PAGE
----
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School board performs graduation transformation

POULSBO — The change from earning eight credits per year to six at North Kitsap High School might sound small, but in reality, it is massive.

Everyone at the school, from students to teachers to administrators to bus drivers, will be affected by the transition from eight, semester long, 85-minute blocks per year to six, 55-minute classes per year. The change came during a controversial decision by the North Kitsap School Board March 10.

“Obviously, going from an eight to a six will look different,” said NKHS Principal Roy Herrera. “But I think once everyone gets over the shock, it can be very positive.”

The second-year principal, who had rallied against going to a six-period day, is now faced with the responsibility of implementing it.

The most apparent change will be that each student will have a six-period course load all year — heavier per semester but lighter over the entire year. Each class will be 55 minutes rather than the current block’s 85-minute course.

Six additional classrooms will be needed under the new schedule, administrators said, as will at least $126,000 in new textbook requirements and five additional teachers.

Instructors will bear a similar burden as the students with regard to the change. An NKHS teacher will now have five classes per day — up from three under the block — and will have to adjust to teaching a course over a year rather than semester. Their daily planning time will also decrease from the block-length 85 minutes to 55 minutes.

Herrera said while the high school faculty will be challenged to make the adjustment, he has confidence in its ability to do so.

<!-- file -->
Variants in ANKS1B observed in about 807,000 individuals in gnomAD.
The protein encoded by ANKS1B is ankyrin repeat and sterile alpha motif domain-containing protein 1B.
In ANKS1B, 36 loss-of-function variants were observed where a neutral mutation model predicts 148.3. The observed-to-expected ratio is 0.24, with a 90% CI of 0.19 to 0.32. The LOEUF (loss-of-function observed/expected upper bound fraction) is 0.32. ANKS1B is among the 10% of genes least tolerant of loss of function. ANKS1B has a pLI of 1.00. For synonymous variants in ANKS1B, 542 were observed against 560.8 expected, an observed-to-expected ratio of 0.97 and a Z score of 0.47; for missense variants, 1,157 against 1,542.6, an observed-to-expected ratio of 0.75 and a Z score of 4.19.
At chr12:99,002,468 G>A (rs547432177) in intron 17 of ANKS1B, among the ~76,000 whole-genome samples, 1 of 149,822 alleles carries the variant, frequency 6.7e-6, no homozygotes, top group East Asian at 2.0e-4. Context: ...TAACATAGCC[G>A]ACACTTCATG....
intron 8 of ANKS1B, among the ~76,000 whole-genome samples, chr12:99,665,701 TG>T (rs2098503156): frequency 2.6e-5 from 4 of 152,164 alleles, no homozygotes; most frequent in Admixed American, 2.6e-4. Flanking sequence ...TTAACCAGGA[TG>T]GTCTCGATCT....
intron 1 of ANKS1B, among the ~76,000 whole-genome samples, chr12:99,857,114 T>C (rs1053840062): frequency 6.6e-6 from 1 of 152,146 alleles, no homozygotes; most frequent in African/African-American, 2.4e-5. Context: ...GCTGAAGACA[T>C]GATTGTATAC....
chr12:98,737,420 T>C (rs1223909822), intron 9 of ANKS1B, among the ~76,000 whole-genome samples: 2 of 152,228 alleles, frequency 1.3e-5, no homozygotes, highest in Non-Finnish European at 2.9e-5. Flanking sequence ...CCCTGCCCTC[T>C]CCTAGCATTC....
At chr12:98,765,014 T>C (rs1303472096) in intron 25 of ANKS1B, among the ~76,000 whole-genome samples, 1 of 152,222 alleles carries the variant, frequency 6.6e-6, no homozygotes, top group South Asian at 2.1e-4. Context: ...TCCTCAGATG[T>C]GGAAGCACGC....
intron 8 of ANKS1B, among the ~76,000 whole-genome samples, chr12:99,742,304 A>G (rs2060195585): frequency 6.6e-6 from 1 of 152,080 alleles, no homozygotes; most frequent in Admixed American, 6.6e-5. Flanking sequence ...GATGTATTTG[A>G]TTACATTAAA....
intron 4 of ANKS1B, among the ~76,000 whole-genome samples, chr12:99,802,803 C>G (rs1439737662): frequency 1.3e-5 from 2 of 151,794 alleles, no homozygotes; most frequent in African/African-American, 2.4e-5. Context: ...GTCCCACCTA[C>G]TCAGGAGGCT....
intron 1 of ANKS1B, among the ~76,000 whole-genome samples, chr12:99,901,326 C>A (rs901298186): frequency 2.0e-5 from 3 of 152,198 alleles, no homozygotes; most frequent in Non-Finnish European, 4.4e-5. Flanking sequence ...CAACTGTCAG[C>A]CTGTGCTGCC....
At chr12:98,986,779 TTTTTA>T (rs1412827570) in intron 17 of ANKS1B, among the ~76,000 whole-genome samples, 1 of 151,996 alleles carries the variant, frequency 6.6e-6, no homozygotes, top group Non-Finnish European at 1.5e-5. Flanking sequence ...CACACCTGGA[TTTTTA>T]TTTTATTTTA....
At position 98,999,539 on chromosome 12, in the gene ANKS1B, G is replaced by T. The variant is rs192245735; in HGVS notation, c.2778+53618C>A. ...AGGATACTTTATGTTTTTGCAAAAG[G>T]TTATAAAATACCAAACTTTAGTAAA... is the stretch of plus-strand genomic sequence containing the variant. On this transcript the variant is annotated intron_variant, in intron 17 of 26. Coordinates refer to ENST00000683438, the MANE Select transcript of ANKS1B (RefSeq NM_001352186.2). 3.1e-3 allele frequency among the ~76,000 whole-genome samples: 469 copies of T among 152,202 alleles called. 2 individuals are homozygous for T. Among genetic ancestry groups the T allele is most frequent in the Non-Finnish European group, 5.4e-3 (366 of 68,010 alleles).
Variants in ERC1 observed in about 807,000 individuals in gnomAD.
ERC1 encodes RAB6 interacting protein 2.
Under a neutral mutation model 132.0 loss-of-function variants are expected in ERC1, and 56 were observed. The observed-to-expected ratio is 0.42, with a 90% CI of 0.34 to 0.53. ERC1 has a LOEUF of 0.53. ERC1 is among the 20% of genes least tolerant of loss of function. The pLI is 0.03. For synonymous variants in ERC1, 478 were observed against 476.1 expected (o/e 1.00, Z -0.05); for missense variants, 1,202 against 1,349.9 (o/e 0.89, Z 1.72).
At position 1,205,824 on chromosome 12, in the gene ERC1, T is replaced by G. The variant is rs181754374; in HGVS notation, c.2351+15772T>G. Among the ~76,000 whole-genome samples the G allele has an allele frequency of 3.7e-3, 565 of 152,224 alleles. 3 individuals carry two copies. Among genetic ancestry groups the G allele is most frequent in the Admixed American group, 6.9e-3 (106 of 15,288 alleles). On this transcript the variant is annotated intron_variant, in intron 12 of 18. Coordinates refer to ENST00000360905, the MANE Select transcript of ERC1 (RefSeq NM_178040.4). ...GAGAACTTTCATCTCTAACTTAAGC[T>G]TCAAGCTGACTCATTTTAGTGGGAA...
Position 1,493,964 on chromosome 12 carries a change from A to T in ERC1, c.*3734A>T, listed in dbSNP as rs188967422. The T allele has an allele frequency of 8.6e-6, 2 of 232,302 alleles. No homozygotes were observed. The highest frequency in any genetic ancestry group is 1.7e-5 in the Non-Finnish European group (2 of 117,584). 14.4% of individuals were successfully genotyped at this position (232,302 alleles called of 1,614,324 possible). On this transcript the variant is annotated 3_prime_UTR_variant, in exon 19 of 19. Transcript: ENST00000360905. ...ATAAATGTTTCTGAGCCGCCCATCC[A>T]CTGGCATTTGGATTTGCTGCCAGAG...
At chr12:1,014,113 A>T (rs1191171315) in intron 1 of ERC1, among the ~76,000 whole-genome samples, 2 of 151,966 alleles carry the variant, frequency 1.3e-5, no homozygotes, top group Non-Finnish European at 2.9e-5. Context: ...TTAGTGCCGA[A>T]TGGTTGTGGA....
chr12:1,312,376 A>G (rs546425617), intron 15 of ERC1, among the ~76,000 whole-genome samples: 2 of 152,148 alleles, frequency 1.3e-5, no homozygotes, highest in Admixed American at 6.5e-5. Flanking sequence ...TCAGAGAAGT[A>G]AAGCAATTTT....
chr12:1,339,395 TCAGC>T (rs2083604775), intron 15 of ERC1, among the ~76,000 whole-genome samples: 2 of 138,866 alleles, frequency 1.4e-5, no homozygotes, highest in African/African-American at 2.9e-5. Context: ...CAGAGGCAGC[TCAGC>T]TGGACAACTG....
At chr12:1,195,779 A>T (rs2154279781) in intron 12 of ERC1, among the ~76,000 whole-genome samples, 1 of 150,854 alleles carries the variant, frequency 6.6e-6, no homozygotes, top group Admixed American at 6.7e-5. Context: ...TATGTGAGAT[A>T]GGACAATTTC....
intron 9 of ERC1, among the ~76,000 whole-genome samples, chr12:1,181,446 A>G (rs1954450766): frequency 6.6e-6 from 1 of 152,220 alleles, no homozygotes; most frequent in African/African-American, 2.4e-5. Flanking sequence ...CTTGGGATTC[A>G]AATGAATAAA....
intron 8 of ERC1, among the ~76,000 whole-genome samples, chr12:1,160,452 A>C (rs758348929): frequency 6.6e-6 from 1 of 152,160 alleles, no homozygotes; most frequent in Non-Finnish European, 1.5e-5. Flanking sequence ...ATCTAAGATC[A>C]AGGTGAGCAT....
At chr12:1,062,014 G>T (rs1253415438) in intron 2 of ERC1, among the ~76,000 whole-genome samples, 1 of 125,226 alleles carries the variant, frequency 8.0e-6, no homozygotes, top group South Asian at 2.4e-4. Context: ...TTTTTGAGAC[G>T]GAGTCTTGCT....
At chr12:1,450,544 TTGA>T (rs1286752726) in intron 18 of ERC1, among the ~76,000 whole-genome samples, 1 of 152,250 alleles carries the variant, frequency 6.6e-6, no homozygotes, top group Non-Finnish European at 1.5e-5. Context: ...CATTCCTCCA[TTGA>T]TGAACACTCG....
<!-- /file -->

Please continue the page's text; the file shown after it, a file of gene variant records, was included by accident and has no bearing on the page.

“Change is always difficult,” he said. “But one thing about teachers is they’re very resilient, and they’re going to make it work best for kids. Because of that, we’ll get a strong (educational) delivery.”

One of the areas Herrera said he thinks the six-period schedule will benefit is in the students’ Washington Assessment of Student Learning (WASL) preparation. Under the block, the students would switch classes mid-year, ending exam practice in certain subjects before the test, which occurs in April. In the new year-long format, they’ll go all the way through the test.

“If they’re in English class, the student will be writing all the way up to and writing through the WASL exam,” Herrera said.

Four of the five school board members were adamant that the block schedule be significantly altered or dropped this year. The board’s impetus was to put an end to a 12-year waiver it had signed that let the high school utilize the 127.5 credit hours per class “four by four” block schedule. The state mandate in credit hours per class is set currently at 150.

The students who will be hit the hardest by the board’s decision are undoubtedly the juniors, who have only one year to meet the new set of graduation requirements. But the board alleviated some concerns at its March 24 meeting, stating it did not want to inhibit 11th graders from graduating if they couldn’t meet new requirements.

“The board made a public commitment to make sure juniors don’t have any issues that Roy (Herrera) can’t solve,” said NKSD Director of Curriculum and Instruction Wally Lis. “They don’t want any students to be harmed.”

The board has also scheduled a second study session to continue discussion of the requirements, at 5 p.m. April 14.

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